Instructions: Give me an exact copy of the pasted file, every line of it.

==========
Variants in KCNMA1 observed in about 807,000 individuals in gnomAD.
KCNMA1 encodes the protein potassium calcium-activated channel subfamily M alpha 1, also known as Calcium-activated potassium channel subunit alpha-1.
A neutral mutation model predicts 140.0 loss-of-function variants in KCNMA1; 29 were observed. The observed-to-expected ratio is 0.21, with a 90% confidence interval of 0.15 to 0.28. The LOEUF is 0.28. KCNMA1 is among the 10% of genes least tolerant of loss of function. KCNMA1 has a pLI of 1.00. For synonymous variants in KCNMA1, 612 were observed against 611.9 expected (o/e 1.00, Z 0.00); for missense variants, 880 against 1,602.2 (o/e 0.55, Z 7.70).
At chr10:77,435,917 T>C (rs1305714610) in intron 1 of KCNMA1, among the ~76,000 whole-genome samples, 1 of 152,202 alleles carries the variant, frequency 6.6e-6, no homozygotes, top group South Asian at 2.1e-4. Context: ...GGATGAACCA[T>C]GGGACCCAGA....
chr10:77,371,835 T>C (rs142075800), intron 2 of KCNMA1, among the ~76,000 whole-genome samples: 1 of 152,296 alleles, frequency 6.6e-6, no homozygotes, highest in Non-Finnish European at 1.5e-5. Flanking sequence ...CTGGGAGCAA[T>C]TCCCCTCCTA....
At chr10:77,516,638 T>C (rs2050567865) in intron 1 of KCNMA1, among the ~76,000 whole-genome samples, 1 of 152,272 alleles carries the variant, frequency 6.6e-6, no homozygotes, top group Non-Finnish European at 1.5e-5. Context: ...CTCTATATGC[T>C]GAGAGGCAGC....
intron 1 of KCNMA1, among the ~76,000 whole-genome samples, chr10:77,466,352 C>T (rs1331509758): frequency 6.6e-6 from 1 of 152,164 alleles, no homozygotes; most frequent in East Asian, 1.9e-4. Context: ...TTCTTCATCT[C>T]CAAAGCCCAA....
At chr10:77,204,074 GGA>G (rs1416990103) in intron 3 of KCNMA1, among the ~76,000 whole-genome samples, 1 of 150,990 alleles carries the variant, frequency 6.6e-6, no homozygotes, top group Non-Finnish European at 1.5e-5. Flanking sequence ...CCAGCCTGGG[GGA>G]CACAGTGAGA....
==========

Variants in KCNMA1 observed in about 807,000 individuals in gnomAD.
KCNMA1 encodes the protein potassium calcium-activated channel subfamily M alpha 1, also known as Calcium-activated potassium channel subunit alpha-1.
A neutral mutation model predicts 140.0 loss-of-function variants in KCNMA1; 29 were observed. The observed-to-expected ratio is 0.21, with a 90% confidence interval of 0.15 to 0.28. The LOEUF is 0.28. KCNMA1 is among the 10% of genes least tolerant of loss of function. KCNMA1 has a pLI of 1.00. For synonymous variants in KCNMA1, 612 were observed against 611.9 expected (o/e 1.00, Z 0.00); for missense variants, 880 against 1,602.2 (o/e 0.55, Z 7.70).
At chr10:77,435,917 T>C (rs1305714610) in intron 1 of KCNMA1, among the ~76,000 whole-genome samples, 1 of 152,202 alleles carries the variant, frequency 6.6e-6, no homozygotes, top group South Asian at 2.1e-4. Context: ...GGATGAACCA[T>C]GGGACCCAGA....
chr10:77,371,835 T>C (rs142075800), intron 2 of KCNMA1, among the ~76,000 whole-genome samples: 1 of 152,296 alleles, frequency 6.6e-6, no homozygotes, highest in Non-Finnish European at 1.5e-5. Flanking sequence ...CTGGGAGCAA[T>C]TCCCCTCCTA....
At chr10:77,516,638 T>C (rs2050567865) in intron 1 of KCNMA1, among the ~76,000 whole-genome samples, 1 of 152,272 alleles carries the variant, frequency 6.6e-6, no homozygotes, top group Non-Finnish European at 1.5e-5. Context: ...CTCTATATGC[T>C]GAGAGGCAGC....
intron 1 of KCNMA1, among the ~76,000 whole-genome samples, chr10:77,466,352 C>T (rs1331509758): frequency 6.6e-6 from 1 of 152,164 alleles, no homozygotes; most frequent in East Asian, 1.9e-4. Context: ...TTCTTCATCT[C>T]CAAAGCCCAA....
At chr10:77,204,074 GGA>G (rs1416990103) in intron 3 of KCNMA1, among the ~76,000 whole-genome samples, 1 of 150,990 alleles carries the variant, frequency 6.6e-6, no homozygotes, top group Non-Finnish European at 1.5e-5. Flanking sequence ...CCAGCCTGGG[GGA>G]CACAGTGAGA....